Sphingosine 1-phosphate-regulated transcriptomes in heterogenous arterial and lymphatic endothelium of the aorta

  1. Eric Engelbrecht
  2. Michel V Levesque
  3. Liqun He
  4. Michael Vanlandewijck
  5. Anja Nitzsche
  6. Hira Niazi
  7. Andrew Kuo
  8. Sasha A Singh
  9. Masanori Aikawa
  10. Kristina Holton
  11. Richard L Proia
  12. Mari Kono
  13. William T Pu
  14. Eric Camerer
  15. Christer Betsholtz
  16. Timothy Hla  Is a corresponding author
  1. Harvard Medical School, United States
  2. Uppsala University, Sweden
  3. Université de Paris, INSERM U970, Paris Cardiovascular Research Center, France
  4. Brigham and Women's Hospital, Harvard Medical School, United States
  5. Harvard Medical School Research Computing, United States
  6. National Institute of Diabetes and Digestive and Kidney Diseases, National Institutes of Health, United States
  7. Boston Children's Hospital, Harvard Medical School, United States

Abstract

Despite the medical importance of G protein-coupled receptors (GPCRs), in vivo cellular heterogeneity of GPCR signaling and downstream transcriptional responses are not understood. We report the comprehensive characterization of transcriptomes (bulk and single-cell) and chromatin domains regulated by sphingosine 1-phosphate receptor-1 (S1PR1) in adult mouse aortic endothelial cells. First, S1PR1 regulates NFkB and nuclear glucocorticoid receptor pathways to suppress inflammation-related mRNAs. Second, S1PR1 signaling in the heterogenous endothelial cell (EC) subtypes occurs at spatially-distinct areas of the aorta. For example, a transcriptomically distinct arterial EC population at vascular branch points (aEC1) exhibits ligand-independent S1PR1/β-arrestin coupling. In contrast, circulatory S1P-dependent S1PR1/β-arrestin coupling was observed in non-branch point aEC2 cells that exhibit an inflammatory gene expression signature. Moreover, S1P/S1PR1 signaling regulates the expression of lymphangiogenic and inflammation-related transcripts in an adventitial lymphatic EC (LEC) population in a ligand-dependent manner. These insights add resolution to existing concepts of GPCR signaling and S1P biology.

Data availability

Sequencing data and processed files have been deposited in GEO under the accession GSE139065.

The following data sets were generated

Article and author information

Author details

  1. Eric Engelbrecht

    Vascular Biology Program, Boston Children's Hospital and Department of Surgery Deapartment of Surgery, Harvard Medical School, Boston, United States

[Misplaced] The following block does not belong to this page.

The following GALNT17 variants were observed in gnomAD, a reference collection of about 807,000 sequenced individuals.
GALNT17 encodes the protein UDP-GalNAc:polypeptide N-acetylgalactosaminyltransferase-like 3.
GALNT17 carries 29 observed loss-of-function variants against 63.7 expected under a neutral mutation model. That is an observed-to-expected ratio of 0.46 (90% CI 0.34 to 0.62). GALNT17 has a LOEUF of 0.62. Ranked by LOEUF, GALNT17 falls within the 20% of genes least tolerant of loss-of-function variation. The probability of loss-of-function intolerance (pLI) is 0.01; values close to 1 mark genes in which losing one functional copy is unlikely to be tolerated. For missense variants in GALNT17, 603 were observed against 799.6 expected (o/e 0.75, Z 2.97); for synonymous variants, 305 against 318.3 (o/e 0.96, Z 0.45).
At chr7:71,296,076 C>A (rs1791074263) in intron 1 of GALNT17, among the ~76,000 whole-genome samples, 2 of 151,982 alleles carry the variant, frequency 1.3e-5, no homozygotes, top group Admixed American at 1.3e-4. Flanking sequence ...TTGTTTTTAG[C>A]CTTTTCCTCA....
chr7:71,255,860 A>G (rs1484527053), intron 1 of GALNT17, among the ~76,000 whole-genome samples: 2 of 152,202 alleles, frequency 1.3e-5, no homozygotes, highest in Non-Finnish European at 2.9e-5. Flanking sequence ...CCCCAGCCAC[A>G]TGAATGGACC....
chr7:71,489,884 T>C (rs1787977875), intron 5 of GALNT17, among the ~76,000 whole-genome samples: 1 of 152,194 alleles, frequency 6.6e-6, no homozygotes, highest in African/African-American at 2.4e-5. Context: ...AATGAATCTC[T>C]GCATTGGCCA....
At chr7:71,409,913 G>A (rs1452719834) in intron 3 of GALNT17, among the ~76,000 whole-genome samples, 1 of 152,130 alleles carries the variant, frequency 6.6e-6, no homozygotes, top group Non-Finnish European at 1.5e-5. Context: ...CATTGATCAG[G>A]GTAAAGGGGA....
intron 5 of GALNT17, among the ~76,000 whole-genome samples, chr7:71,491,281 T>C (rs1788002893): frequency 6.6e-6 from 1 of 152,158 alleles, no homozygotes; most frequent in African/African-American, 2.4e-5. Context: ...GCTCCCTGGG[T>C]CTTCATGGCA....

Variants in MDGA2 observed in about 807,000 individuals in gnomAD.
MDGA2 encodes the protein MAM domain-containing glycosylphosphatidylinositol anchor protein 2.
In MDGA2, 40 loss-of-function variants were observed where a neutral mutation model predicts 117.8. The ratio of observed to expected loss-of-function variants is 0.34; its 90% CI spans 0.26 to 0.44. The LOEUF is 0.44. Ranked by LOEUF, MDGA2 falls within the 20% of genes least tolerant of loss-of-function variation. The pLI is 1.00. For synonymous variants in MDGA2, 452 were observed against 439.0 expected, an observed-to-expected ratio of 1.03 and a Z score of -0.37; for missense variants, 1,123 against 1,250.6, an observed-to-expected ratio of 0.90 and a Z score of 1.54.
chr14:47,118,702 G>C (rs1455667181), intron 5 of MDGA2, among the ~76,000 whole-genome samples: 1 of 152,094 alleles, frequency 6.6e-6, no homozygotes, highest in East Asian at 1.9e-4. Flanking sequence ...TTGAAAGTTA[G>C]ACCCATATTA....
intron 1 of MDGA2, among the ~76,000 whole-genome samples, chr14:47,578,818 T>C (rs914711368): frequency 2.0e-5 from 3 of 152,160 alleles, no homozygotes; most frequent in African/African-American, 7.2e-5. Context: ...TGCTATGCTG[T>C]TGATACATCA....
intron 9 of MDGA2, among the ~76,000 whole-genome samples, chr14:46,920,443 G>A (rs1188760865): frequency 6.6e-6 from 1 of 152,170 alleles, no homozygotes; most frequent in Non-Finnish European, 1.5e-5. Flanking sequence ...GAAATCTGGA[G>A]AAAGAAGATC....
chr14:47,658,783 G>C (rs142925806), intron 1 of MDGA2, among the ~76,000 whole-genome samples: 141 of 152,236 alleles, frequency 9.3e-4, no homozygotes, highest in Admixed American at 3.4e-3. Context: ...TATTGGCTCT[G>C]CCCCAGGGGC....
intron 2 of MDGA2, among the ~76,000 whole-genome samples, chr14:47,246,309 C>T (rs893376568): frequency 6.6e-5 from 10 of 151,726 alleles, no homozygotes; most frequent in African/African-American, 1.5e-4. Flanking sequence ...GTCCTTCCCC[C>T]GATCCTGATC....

Competing interests
    No competing interests declared.
  2. Michel V Levesque

    Vascular Biology Program, Boston Children's Hospital and Department of Surgery, Harvard Medical School, Boston, United States
    Competing interests
    No competing interests declared.
  3. Liqun He

    Department of Immunology, Genetics and Pathology, Uppsala University, Uppsala, Sweden
    Competing interests
    No competing interests declared.
  4. Michael Vanlandewijck

    Department of Immunology, Genetics and Pathology, Uppsala University, Uppsala, Sweden
    Competing interests
    No competing interests declared.
  5. Anja Nitzsche

    Université de Paris, INSERM U970, Paris Cardiovascular Research Center, Paris, France
    Competing interests
    No competing interests declared.
    ORCID icon "This ORCID iD identifies the author of this article:" 0000-0003-0567-6790
  6. Hira Niazi

    Université de Paris, INSERM U970, Paris Cardiovascular Research Center, Paris, France
    Competing interests
    No competing interests declared.
  7. Andrew Kuo

    Vascular Biology Program, Boston Children's Hospital and Department of Surgery, Harvard Medical School, Boston, United States
    Competing interests
    No competing interests declared.
  8. Sasha A Singh

    Center for Interdisciplinary Cardiovascular Sciences, Department of Medicine, Brigham and Women's Hospital, Harvard Medical School, Boston, United States
    Competing interests
    No competing interests declared.
  9. Masanori Aikawa

    Center for Interdisciplinary Cardiovascular Sciences, Brigham and Women's Hospital, Harvard Medical School, Boston, United States
    Competing interests
    No competing interests declared.
    ORCID icon "This ORCID iD identifies the author of this article:" 0000-0002-9275-2079
  10. Kristina Holton

    Harvard Medical School Research Computing, Boston, United States
    Competing interests
    No competing interests declared.
  11. Richard L Proia

    Genetics of Development and Disease Branch, National Institute of Diabetes and Digestive and Kidney Diseases, National Institutes of Health, Bethesda, United States
    Competing interests
    No competing interests declared.
    ORCID icon "This ORCID iD identifies the author of this article:" 0000-0003-0456-1270
  12. Mari Kono

    Genetics of Development and Disease Branch, National Institute of Diabetes and Digestive and Kidney Diseases, National Institutes of Health, Bethesda, United States
    Competing interests
    No competing interests declared.
    ORCID icon "This ORCID iD identifies the author of this article:" 0000-0003-2447-4350
  13. William T Pu

    Department of Cardiology, Boston Children's Hospital, Harvard Medical School, Boston, United States
    Competing interests
    No competing interests declared.
    ORCID icon "This ORCID iD identifies the author of this article:" 0000-0002-4551-8079
  14. Eric Camerer

    Université de Paris, INSERM U970, Paris Cardiovascular Research Center, Paris, France
    Competing interests